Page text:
Minister of Economic Development Fayyaz Ismail, on Wednesday, revealed that a total of 1,449 individuals registered at the ministry over the loss of employment amid the COVID-19 outbreak in Maldives.
Appearing on a televised programme aired on state-owned 'Public Service Media', Minister Fayyaz refuted rumours that over 4,000 persons were experiencing financial difficulties as a result of employment changes.
He further noted that the majority of those affected, excluding those that were terminated, were facing changes to their pay.
Minister Fayyaz attributed the low numbers to the relief measures implemented by the state to cushion the economic blow on tourist facilities due to COVID-19.
The government had previously decided to defer lease payments for resorts for six months, as well as payments for water and electricity bills.
He further declared the government's intention to extend and expand the criteria for the Income Support Allowance for those facing economic repercussions.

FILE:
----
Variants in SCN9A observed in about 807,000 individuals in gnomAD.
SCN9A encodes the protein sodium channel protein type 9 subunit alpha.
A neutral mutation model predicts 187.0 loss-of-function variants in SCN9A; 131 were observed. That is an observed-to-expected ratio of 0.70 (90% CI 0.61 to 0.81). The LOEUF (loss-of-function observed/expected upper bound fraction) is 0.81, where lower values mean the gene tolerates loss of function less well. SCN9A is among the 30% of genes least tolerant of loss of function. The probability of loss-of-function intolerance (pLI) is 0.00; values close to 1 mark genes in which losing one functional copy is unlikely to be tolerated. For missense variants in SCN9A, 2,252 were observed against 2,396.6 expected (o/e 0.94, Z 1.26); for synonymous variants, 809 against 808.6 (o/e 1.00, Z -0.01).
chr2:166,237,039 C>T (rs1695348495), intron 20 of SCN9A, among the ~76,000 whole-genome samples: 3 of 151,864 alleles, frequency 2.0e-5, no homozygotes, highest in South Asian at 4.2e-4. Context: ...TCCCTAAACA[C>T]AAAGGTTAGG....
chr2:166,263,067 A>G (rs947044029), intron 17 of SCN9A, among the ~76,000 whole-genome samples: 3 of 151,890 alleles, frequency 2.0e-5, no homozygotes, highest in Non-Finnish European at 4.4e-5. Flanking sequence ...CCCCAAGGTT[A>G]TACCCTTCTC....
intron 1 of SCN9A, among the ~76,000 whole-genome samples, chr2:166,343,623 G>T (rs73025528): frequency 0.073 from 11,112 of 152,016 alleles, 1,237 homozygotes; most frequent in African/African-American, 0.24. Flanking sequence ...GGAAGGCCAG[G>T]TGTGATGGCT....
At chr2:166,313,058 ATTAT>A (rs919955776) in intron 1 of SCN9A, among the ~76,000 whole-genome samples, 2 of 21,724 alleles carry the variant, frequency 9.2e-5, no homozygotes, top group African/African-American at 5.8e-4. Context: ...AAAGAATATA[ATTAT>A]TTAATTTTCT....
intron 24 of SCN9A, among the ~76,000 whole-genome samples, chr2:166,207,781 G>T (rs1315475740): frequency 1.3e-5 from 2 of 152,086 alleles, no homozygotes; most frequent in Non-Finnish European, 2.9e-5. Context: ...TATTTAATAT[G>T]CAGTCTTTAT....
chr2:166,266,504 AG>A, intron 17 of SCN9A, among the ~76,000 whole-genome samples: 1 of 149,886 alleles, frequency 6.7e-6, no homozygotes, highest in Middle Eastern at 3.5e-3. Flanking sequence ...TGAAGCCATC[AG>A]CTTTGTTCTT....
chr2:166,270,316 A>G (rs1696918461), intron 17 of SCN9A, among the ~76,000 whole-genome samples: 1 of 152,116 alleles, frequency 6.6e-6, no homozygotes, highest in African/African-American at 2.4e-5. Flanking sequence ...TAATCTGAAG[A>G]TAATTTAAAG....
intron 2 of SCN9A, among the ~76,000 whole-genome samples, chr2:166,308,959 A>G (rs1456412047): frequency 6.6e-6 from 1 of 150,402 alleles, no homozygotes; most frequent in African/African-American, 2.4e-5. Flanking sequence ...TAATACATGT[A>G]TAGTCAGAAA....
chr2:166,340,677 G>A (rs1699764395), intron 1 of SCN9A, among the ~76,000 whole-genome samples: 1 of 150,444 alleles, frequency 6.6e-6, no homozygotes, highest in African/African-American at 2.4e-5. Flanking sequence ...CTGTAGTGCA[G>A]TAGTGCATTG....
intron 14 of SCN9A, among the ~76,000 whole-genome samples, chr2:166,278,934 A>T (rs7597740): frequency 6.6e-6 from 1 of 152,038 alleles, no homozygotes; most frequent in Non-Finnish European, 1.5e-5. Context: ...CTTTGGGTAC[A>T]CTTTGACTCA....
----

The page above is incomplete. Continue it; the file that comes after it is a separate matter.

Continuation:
Introduced as a relief scheme for individuals experiencing financial difficulties as a result of employment issues due to the COVID-19 pandemic, the government is granting a monthly allowance of up to MVR 5,000 to individuals that fall into four main categories: individuals that were dismissed or suspended from employment, individuals on leave without pay, individuals facing salary deductions, and freelance workers.
All Maldivian citizens with employment based in Maldives are eligible for a three-month allowance starting April 2020.
Meanwhile, the government also implemented a financial stimulus package of MVR 2.5 billion to prevent the closure of local businesses and the loss of jobs.
As per statistics disseminated by the minister, a total of MVR 40 million was disbursed by the state to roughly 8,500 individuals through the Income Support scheme, as well as MVR 300 million to 1,725 Small Medium Enterprises (SME) via the stimulus package.
Furthermore, approximately MVR 476 million was granted to 332 large businesses.
The minister also stated that 17,000 individuals had their loans deferred by the Bank of Maldives, under its temporary moratorium on loan repayments for customers with financial difficulties.
The moratoriums allowed customers to postpone monthly principal profit/lease repayments and interest payments for a period of six months, in addition to extending the tenor of the loan by six months as well, resulting in a less taxing loan repayment scheme.